Advances in the field of solar emerge every day, with new technologies popping up on the market all the time. Arguably, one of the main reasons for this is that engineers and scientists have been trying to get closer to creating the perfect material that absorbs all incoming solar light, without radiating energy. But now the long struggle is over. MIT researchers managed to finally develop it.
The new material is indeed perfect. It is metallic dielectric photonic crystal, which absorbs all incoming solar light, and stores it as heat. In addition, it can capture all light regardless of the angle of incoming radiation or temperature. It is made of nanocavities, which can be adjusted in size, therefore allowing full control and tuning of the absorption. It can be produced with existing techniques, and it can be easily scaled up to affordable commercial production.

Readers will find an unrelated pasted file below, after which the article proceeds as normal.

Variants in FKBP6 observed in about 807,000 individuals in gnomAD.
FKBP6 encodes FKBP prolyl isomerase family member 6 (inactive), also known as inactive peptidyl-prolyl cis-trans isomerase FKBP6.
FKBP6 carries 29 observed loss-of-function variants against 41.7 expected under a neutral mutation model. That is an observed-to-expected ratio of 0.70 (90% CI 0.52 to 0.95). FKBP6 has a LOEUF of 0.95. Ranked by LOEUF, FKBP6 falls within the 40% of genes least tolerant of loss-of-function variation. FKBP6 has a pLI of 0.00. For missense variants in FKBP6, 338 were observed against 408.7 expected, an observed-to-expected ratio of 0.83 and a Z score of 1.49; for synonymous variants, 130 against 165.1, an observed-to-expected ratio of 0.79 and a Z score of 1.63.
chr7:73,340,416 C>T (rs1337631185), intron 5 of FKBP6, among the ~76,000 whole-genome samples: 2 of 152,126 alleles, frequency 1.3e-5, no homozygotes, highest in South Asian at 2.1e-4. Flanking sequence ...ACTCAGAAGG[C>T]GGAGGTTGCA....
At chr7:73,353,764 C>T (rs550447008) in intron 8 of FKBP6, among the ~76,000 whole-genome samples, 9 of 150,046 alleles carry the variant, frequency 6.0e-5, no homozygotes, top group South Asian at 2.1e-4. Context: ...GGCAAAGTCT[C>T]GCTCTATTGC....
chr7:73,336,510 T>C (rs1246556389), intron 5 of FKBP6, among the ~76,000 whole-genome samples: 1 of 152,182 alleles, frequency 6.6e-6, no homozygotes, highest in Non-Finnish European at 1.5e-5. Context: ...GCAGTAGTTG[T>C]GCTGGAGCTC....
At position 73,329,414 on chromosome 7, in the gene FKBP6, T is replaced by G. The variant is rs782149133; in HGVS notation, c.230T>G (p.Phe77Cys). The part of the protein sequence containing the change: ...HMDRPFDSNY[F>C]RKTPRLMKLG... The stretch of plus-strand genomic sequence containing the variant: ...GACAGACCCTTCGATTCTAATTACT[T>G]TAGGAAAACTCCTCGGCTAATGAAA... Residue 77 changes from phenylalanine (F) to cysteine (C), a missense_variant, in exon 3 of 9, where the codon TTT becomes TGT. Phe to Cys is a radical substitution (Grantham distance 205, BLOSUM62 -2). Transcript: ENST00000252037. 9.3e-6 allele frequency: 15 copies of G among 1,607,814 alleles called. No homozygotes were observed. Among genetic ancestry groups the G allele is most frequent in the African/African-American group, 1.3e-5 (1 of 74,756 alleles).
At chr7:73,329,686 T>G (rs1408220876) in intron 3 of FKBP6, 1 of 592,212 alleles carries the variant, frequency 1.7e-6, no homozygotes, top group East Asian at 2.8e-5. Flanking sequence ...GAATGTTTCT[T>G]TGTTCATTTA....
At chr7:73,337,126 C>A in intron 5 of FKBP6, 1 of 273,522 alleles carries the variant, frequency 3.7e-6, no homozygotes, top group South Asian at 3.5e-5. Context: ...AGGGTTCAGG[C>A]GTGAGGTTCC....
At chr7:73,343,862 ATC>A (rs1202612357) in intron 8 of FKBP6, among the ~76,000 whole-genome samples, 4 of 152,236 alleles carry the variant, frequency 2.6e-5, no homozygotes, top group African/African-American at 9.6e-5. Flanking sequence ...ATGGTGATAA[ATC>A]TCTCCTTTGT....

Now, let’s have a look at how it works. The material is integrated into a special solar-thermophotovoltaic device (STPV), which converts the incoming solar energy into heat. Once this happens, the temperature makes the material glow and emit light, which is then turned into an electric current. The material has the ability to absorb light in a specific part of the electromagnetic spectrum, setting up the perfect trap for solar energy.
The device is highly resistant to extreme temperature and because it absorbs light that comes from different angles, it eliminates the need to use additional solar trackers. It can be manufactured from virtually any metal, which can resist temperatures of 1,000 degrees Celsius (1,832 degrees Fahrenheit). This means that it can be made much cheaper that any existing technology, which is currently produced using the highly expensive ruthenium.
Details about the material and the revolutionary device can be found in the latest issue of the journal Advanced Materials. Of course, this is not going to be the last thing we hear from the guys. They are currently working on optimization of the technology so that it could be turned into a commercial product. They promise to have it on the market in less than five years.
Image (c) Jeffrey Chou